Summary: Before we can even think about resisting temptation,we have to first choose if will we follow Christ.

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Title: Lead Us? Not!

Text: Matthew 6:13a (Lead us not into temptation)

FCF: Being led is contrary to our natural desires, but when we choose to follow a good leader such as Christ, we end up in a place that is better than we would be naturally.



Winston Churchill is famous for two things. He was a keen observer of man, and he seemed to have a knack for pointing out those observations in subtle but hilarious ways. One of my favorite lines is: “Mankind occasionally stumbles over the truth, but he’s generally quite able to pick himself up and continue in spite of it.”

This morning, as we continue our series looking into the Lord’s Prayer, we come to the phrase “Lead us not into temptation.” I think that Mr. Churchill may have understood that the greatest temptation is not to be led at all.

You’ll note the title of my sermon, even as it is phrased in the vernacular of the 80’s, is perhaps the more the more natural response, “Lead us? Not!” because frankly, we naturally don’t want to be led anywhere.

But, even just as normal human beings, we know at a certain level, we need to be led if we are ever going to amount to anything. This morning, I want to spend some time focusing on what it means to be led, and next week we’ll tackle the end the rest of the verse – where we get to talk about the dreaded “T” word – temptation.

Specifically, in our abbreviated time, I want to talk about the fact that being led, by definition, is specifically something we don’t want to do, but at the same time it’s voluntary. I’ll be ending by focusing on the fact that there are good reasons for choosing to follow, because without, we’ll never get where we want to be.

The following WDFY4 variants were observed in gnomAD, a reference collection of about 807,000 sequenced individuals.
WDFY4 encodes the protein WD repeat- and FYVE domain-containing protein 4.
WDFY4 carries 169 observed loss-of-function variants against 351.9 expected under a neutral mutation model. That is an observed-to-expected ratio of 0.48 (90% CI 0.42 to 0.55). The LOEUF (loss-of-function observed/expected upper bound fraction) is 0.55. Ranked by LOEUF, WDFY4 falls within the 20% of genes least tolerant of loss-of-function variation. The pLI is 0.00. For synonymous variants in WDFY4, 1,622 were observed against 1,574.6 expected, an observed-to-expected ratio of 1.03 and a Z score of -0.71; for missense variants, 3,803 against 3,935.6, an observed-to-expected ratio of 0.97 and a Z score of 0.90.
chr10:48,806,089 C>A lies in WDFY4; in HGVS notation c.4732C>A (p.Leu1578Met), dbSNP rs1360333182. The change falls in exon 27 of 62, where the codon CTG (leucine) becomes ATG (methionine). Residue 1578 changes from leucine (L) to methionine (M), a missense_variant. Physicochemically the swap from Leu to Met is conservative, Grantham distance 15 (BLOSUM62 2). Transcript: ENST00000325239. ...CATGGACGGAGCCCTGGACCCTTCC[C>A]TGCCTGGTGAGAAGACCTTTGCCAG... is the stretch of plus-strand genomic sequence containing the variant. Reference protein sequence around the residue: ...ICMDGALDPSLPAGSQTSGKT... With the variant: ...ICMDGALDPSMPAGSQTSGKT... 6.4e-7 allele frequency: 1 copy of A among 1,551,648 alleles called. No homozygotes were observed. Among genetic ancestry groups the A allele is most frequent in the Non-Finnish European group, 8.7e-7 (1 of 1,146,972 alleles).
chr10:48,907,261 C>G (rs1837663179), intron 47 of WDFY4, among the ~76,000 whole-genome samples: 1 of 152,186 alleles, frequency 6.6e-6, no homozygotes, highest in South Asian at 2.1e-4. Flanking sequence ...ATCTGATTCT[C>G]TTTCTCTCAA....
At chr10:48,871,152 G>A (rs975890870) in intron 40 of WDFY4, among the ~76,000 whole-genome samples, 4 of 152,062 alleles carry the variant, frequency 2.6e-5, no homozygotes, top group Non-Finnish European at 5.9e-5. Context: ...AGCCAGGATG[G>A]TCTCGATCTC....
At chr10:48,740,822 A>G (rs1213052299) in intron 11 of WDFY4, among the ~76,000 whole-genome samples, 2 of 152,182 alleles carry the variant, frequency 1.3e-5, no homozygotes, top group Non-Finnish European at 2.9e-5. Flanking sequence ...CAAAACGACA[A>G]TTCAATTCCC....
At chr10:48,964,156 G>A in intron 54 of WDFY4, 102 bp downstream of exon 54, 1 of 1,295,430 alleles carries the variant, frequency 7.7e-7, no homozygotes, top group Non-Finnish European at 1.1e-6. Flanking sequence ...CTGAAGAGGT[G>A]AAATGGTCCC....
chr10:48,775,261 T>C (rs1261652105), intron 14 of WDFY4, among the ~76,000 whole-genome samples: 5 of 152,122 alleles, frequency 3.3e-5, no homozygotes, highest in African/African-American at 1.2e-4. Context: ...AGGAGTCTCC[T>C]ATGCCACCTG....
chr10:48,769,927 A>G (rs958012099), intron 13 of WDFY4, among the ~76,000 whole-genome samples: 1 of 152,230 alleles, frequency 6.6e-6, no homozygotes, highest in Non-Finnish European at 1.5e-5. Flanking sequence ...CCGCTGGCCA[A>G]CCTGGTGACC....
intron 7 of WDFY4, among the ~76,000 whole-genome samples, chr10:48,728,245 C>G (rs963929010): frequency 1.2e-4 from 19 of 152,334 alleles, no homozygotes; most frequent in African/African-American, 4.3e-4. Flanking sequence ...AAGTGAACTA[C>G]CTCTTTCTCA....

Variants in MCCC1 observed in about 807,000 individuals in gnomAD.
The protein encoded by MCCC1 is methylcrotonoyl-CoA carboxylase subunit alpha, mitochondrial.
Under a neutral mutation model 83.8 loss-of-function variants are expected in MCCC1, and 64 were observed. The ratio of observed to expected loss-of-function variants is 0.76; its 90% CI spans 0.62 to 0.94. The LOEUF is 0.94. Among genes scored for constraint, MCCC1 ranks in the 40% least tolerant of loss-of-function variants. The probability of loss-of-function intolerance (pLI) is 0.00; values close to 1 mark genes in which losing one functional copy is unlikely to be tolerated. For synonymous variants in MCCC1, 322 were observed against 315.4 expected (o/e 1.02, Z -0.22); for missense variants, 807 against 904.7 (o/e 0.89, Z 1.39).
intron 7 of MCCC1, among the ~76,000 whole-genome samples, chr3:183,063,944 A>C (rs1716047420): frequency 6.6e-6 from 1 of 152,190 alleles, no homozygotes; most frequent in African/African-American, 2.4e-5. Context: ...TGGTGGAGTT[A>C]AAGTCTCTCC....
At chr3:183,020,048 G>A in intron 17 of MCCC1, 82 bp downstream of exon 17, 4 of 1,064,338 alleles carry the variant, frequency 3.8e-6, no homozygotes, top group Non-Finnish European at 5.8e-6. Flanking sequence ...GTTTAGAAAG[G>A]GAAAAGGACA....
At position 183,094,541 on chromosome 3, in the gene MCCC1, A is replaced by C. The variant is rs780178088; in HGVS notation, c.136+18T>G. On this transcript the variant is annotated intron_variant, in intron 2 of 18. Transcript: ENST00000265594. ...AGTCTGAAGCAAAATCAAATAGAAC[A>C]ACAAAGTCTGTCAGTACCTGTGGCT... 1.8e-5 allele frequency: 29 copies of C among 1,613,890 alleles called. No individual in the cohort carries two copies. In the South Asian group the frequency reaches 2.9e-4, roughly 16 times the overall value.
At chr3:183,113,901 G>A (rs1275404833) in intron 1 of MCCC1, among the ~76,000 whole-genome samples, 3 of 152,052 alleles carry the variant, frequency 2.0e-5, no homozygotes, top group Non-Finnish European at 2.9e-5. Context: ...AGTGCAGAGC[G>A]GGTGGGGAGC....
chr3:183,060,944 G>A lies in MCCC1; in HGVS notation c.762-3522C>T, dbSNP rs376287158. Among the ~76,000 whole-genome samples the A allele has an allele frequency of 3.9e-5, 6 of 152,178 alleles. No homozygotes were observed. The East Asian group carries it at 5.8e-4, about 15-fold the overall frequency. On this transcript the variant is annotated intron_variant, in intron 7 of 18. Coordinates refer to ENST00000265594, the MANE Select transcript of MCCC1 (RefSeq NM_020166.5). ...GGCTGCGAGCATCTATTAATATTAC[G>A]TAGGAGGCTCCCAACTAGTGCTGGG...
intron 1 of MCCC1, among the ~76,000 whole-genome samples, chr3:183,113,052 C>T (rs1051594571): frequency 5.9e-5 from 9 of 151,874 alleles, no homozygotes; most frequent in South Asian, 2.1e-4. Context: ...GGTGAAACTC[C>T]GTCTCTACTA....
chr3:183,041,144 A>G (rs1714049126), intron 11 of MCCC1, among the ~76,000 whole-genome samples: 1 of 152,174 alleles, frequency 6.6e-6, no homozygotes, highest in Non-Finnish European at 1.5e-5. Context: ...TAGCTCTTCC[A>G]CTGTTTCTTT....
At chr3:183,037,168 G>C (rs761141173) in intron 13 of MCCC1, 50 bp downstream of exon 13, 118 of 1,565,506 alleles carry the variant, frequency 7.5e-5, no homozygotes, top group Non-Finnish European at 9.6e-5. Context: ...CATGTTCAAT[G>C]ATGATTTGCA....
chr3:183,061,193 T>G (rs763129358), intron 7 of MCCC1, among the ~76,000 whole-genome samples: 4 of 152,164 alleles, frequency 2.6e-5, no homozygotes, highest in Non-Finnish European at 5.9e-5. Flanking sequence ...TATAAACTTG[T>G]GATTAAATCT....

*Leadership is doesn’t take us where we naturally want to go*

I need to start by saying, however, that being led means we are being taken in a direction different, perhaps, than that which we would normally choose on our own.

On the face of it, I want to point out the obvious – you don’t need to be led to do the things you want to do naturally. Very few of us, for instance, need an exhortation to eat Joanne’s cheesecake. You might be asking where it is, but trust me, you don’t need to be told twice to eat it. Real leadership is the guy at the gym who uses things like that cheesecake to motivate you to make more room for the next serving.

When we talking about Jesus’ leadership in our lives, we know that he is specifically calling us to what we don’t naturally want, but what we inwardly need. Paul gets this conflict so well, when he says, “I find this law at work within me – The good things I know I want to do, I can’t seem to do them. And the things I don’t want to do? That’s what I keep finding myself doing. Oh wretched man that I am! Thanks be to Jesus who saves me!”

You have the full text there in your bulletin, but you’re getting the gist. By default, I can’t do it. It’s easy to gratify my flesh, or spend all my time trying to make money, or abuse the generosity of those around me – but everybody knows those are short-term gains. Praise be to Jesus who has rescued me from this body of death!

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